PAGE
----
Tuesday, 17 January 2012

Playing Bioshock 2: Rupture in Rapture

(Originally written on April 14, 2011)
I'm a little more then six hours into Bioshock 2, and I'm trying to verbalize why it doesn't work as well as Bioshock 1. That is not to say I don't enjoy it, but I find my self playing it in small chunks rather then feeling myself absorbed into the experience. Which was the way I played the first Bioshock, eager to discover more about the world and the characters around me.
Technical Deficiencies
First there's "Games for Windows Live" a system as cumbersome as its name. It means that it tells you about updates after you started the game, forcing you to quit, update and launch the game again. It means that you cannot save or load until you are logged in. The logging takes about ten seconds once you reached the main menu and god-forbid if you try to navigate the menu before it has logged you in. For in that case you are directed back to the main menu.
A second and perhaps more annoying problem is that B2 is an obvious port. While thankfully it doesn't refer you to the buttons on the X-Box controller, the default key settings are far from ideal. The real problem however is the fact that there is no Quick Save. Every time I wish to save, I must go the the menu and do it manually. Even more annoying is when I die. Since I disabled the Vita-Chambers (as an option through the gameplay settings), death means you have to reload. This would not be a problem save that the moment you die, you cannot activate the menu and the game throws you back to the main menu once the death animation had run its course. Which also means you have to endure the longer loading time of a save compared to the loading time while in the level.
Underwater Atmosphere
I remember Bioshock 1 so clearly. Swimming up to the watchtower among burning debris, seeing Atlas' family sink in their Bathysphere, the epic moments of Man and Slave and even little moments like turning around to face a splicer in the dentistry or seeing the remains of a 1959 party. B2 has yet to make such as impact, aside from the opening movie.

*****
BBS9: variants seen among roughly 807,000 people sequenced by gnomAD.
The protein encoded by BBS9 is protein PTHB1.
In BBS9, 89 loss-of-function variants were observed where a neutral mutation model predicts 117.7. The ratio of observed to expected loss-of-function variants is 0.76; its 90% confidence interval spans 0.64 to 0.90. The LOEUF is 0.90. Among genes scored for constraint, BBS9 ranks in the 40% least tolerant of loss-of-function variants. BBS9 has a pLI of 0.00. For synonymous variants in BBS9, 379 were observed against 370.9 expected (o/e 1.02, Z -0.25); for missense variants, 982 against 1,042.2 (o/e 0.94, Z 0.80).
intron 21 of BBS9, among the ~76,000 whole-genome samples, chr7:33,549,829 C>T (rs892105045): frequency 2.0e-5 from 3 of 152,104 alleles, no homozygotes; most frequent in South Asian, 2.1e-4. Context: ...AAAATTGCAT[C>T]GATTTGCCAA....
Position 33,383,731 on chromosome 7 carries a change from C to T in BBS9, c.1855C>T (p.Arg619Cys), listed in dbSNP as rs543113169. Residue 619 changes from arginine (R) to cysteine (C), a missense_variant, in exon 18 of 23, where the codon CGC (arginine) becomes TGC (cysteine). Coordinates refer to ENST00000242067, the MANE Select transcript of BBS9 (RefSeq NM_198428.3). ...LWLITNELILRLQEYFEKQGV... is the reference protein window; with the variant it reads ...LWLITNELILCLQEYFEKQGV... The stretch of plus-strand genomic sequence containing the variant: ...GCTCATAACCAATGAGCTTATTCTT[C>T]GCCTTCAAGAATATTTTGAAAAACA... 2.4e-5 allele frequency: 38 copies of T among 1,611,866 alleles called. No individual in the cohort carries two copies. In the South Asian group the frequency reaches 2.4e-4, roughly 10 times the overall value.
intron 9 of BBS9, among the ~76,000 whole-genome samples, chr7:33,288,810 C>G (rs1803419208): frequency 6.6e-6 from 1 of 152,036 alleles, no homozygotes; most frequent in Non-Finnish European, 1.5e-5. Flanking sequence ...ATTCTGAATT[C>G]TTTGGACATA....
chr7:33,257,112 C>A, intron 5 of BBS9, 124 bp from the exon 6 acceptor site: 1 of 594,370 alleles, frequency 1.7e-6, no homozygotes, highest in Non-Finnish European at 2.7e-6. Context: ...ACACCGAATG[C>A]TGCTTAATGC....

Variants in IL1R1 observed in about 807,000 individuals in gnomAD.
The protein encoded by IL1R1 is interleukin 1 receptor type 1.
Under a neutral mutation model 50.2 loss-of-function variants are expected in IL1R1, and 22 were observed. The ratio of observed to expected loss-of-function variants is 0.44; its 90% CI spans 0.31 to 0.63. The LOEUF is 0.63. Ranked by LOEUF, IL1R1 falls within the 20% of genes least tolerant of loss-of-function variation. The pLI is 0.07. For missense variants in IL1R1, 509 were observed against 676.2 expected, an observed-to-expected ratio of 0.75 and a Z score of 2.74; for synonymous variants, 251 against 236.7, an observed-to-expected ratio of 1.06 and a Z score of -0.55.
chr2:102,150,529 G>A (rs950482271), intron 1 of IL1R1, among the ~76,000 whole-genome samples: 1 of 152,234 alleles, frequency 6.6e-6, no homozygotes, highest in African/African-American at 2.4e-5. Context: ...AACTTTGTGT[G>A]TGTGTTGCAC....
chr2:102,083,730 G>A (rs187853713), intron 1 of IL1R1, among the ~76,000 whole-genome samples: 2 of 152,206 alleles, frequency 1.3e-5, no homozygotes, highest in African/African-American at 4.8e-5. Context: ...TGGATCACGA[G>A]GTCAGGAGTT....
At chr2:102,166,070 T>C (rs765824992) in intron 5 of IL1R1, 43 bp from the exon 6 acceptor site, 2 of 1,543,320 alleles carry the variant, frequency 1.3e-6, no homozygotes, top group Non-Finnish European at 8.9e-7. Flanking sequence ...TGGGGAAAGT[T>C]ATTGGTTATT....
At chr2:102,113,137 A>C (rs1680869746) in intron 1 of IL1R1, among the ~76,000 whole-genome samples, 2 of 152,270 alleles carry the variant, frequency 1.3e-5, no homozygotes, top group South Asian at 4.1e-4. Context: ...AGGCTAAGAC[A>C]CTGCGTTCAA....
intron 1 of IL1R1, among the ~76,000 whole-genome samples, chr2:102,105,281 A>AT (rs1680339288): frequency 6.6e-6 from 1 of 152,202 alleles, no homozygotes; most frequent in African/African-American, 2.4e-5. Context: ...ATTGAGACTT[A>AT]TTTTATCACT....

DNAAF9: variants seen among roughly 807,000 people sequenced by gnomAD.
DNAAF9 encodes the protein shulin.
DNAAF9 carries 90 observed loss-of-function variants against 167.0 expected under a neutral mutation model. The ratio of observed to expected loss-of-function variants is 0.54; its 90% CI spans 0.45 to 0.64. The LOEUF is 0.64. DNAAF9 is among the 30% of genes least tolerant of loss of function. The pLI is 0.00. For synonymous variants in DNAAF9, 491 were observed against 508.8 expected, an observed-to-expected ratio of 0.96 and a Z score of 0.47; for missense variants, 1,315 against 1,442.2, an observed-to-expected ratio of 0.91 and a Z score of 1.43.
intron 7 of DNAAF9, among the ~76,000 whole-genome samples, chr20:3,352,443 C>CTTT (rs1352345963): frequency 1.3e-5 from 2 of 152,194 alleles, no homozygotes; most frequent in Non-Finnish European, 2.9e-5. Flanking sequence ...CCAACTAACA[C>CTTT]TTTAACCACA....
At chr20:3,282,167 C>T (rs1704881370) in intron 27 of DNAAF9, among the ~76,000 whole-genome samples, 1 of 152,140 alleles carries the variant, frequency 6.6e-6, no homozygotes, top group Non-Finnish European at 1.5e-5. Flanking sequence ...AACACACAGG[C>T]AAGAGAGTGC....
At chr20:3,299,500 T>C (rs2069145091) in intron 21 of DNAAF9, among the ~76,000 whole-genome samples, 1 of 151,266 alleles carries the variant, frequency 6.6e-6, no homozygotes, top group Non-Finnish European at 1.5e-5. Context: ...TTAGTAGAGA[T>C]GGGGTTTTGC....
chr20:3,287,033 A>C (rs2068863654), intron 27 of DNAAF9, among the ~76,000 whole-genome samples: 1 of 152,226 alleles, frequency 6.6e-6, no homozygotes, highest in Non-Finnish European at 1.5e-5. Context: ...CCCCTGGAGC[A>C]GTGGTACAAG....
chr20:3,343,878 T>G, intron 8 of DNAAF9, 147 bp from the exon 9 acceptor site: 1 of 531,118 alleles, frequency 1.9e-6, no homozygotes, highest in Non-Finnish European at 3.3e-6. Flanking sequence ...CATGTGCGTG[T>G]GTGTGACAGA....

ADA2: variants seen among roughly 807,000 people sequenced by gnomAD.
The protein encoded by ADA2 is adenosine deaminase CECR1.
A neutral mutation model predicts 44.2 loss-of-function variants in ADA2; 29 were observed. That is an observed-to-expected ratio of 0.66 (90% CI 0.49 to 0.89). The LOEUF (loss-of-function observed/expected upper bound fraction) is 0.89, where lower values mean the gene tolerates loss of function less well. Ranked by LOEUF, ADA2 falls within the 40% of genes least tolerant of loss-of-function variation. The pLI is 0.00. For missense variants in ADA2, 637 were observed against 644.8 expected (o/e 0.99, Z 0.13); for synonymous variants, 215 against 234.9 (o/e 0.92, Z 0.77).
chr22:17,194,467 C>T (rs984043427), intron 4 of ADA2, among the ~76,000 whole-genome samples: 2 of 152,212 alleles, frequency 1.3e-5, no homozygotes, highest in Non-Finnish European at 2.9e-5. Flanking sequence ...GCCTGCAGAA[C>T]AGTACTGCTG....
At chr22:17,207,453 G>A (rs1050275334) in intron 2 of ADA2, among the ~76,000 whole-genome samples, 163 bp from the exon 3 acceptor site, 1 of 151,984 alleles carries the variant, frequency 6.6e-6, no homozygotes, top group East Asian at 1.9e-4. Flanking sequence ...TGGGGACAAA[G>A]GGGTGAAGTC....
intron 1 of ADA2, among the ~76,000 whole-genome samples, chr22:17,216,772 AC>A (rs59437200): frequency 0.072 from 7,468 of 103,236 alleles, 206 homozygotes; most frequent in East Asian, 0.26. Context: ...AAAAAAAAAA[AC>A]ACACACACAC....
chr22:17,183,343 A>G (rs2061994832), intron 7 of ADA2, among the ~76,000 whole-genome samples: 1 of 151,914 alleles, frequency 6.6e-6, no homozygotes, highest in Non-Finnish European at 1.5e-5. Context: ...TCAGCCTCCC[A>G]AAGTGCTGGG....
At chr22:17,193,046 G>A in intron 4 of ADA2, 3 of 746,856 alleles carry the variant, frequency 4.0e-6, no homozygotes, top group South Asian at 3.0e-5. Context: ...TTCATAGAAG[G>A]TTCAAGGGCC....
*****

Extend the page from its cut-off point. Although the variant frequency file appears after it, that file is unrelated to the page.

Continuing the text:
There's a lot more fighting in B2 and a lot less time to soak in the place you are fighting in. There's a lot more characters actually active in the plot but they feel a bit to one-dimensional. Lamb is a cold manipulator who seeks to establish a communist cult-like society in Rapture. Tenenbaum who made some chilling remarks in B1 is presented as totally altruistic. Sinclare fills a role similar to Fontain from B1, that of a morally scrupulous capitalist.
The audio diaries are not as memorable as in B1. They give you the plot and the character's history in a pretty straight forward way. They do a good job at outlining the character's ideologies and rivalries but they lack the charm that accompanied B1's diaries. There was a diary I remember clearly from B1 about a plumber describing the job he did on a toilet for Ryan and how it got him to Rapture. The diary gave you a look into Ryan's ideology, his life before Rapture, the men he brought here and how Objectivism is supposed to work. But as the game progressed and you discover more about Rapture, you also understand how such simple hard working man were trapped in the system and why they sided with Fontain.
B2 gives you the barest characterization for side characters and rambling speeches for the main characters that sound a little too heavy handed with their message.
Theme and Ideology
Again, this is how things look six hours in. B1 was interesting. Objectivism is not an ideology one encounters regularly and B1 did a good job of presenting its merits and flaws. But B2 seems to be about Communism. And really, is there anything left to say about it? I think most everyone is familiar with the ideological merits and flaws of Communism, it has been the subject of countless films and books. I'm having trouble seeing how B2 will bring something new to the table.

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